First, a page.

Anke Eissmann, Sylvia Hunnewell, Tim Kirk, Octo Kwan, Nancy Martsch, Jef Murray, Ted Nasmith, Colin Williams, Maciej Wygnanski, Patrick H. Wynne and more!
The colour and black & white calendar will have both Middle-earth dates and real world holidays. It will be 11 x 8 1/2 inches, opening to 11 x 17 inches.
Pricing: $20 plus shipping - USA $2.00, the rest of the world $5.00.
For PayPal orders please add $1.00.
|June 12, 2012 — Morgan (Views: 37003)|
|May 31, 2012 — Urulöké (Views: 25422)|
The world of book collecting has evolved over the last decade or so as the Internet has had ever greater impact on supply and demand. Various websites and services have emerged that help the dealer and the collector in various ways, and in the process have upended markets and destroyed the "value" of most books, or rather, exposed the fact that there are many more copies of certain books than there are readers+collectors+dealers combined.
For these common editions, prices have effectively gone to zero - a penny on Amazon, the minimum $1 (US) for listings on ABEBooks.com. I can only assume that sellers hope to make a sliver of profit on the shipping.
But what about the more scarce titles that are not in abundant supply? Titles and editions that a collector may have run across once a decade in a dealer catalog or at a book fair in years past, will sometimes show up every few months online, as dealers list their stock - often not even knowing what they have or why collectors might be interested. For most titles that fall into this "scarce" category, it is merely a matter of having a price limit and knowing where to look. Even for a title as rare as Songs For The Philologists, of which only fourteen copies are speculated to survive, there is one available for sale right now if you have the money.
As a collector myself, paying top dollar for something that clearly no-one else is willing to pay (that Songs has been available online for over a year now, and I am sure most online Tolkien collectors have run across it at least once and obviously not bought it) is not a wise use of my money, and frankly not fun. Finding that scarce title within my budget and beating all the other collectors to it is a part of the thrill of the hunt!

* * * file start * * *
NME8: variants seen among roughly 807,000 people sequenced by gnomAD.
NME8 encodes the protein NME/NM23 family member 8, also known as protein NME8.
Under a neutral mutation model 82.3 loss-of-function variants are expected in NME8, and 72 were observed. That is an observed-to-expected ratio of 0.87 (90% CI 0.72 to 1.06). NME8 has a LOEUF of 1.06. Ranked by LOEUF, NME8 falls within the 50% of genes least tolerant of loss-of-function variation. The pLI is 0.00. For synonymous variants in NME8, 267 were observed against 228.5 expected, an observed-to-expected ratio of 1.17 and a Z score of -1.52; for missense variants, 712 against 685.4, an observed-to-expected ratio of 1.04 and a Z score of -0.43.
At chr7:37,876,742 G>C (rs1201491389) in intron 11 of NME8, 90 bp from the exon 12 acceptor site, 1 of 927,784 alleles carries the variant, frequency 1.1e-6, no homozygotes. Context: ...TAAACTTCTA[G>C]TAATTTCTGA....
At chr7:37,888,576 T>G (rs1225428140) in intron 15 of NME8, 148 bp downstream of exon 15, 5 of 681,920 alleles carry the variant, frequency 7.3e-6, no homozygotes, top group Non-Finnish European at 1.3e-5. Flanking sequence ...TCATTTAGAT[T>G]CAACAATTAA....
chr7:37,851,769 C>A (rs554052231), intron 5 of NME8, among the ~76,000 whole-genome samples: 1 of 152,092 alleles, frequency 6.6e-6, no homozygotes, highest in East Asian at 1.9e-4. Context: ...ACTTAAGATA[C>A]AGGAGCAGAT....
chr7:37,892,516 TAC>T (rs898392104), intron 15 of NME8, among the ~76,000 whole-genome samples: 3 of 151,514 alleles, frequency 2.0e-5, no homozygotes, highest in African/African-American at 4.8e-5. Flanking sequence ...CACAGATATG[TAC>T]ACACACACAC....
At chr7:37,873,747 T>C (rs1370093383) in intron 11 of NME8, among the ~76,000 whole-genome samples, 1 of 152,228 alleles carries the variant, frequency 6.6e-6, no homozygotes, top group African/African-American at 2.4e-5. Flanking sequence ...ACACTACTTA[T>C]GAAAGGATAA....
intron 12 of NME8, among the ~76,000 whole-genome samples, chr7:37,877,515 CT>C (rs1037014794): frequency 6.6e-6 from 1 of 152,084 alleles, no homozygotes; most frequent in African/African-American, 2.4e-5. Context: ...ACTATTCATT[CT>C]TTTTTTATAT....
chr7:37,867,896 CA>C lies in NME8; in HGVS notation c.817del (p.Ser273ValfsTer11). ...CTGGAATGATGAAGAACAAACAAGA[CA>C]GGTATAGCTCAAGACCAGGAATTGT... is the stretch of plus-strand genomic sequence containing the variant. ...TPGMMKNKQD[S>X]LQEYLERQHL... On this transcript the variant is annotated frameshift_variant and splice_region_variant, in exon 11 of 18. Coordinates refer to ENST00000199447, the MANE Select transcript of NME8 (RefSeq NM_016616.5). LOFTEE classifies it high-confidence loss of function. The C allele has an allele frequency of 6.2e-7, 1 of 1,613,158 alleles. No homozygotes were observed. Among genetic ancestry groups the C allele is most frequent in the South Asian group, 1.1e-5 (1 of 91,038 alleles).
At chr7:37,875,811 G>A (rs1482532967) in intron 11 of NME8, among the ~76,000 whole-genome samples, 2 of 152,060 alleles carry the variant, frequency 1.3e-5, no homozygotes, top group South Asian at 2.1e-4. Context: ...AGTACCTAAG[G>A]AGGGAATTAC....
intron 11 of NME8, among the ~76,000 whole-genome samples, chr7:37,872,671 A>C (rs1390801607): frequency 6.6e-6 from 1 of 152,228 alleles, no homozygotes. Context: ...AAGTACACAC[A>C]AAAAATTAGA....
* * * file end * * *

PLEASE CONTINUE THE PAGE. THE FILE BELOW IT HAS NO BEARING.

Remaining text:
We recently had a particular scarce title show up on ABEBooks, and multiple members here all tried to buy it. How the actual sale went down is a different story (and as incomplete, as far as I know - we still don't know who ended up with the book) but regardless, the frenzy itself sparked my interest in figuring out how the system works and how to take advantage of it - in this case, ABEBooks want notifications.
As a hyper-collector myself (for the definition of which, I leave this website as evidence), it is important for me to stay on top of the marketplace I am interested in. ABEBooks offers a useful tool, where any account holder can register a "want" - I can define any number of parameters such as author, title, description keywords, date ranges, condition, presence of dustjacket, etc. Then, whenever a seller uploads a book that matches my criteria, I receive an email telling me that the book is available and giving me a link to go purchase the book immediately if I am so inclined.
Sounds great! On April 16th at 7:48 PM, I received a want notification from ABEBooks telling me that a copy of A Spring Harvest was available and at a great price. I immediately (as in, within seconds) tried to purchase the book, but was disappointed to see that it was already sold according to ABEBooks.com. These things happen, and sometimes I win the race. It wasn't until other people started posting here in the TCG forums about also missing out and a conversation started, that it became clear that some of us had received our notifications almost two hours earlier (corrected for timezone differences, yes). What was going on?!
With many thanks to the community here and the data they provided along with answers from ABEBooks technical staff and a few weeks of research myself, I have been able to draw the following conclusions about the behavior of ABEBooks wants and give hints for bettering your odds to those of you for whom an hour or two difference is critical.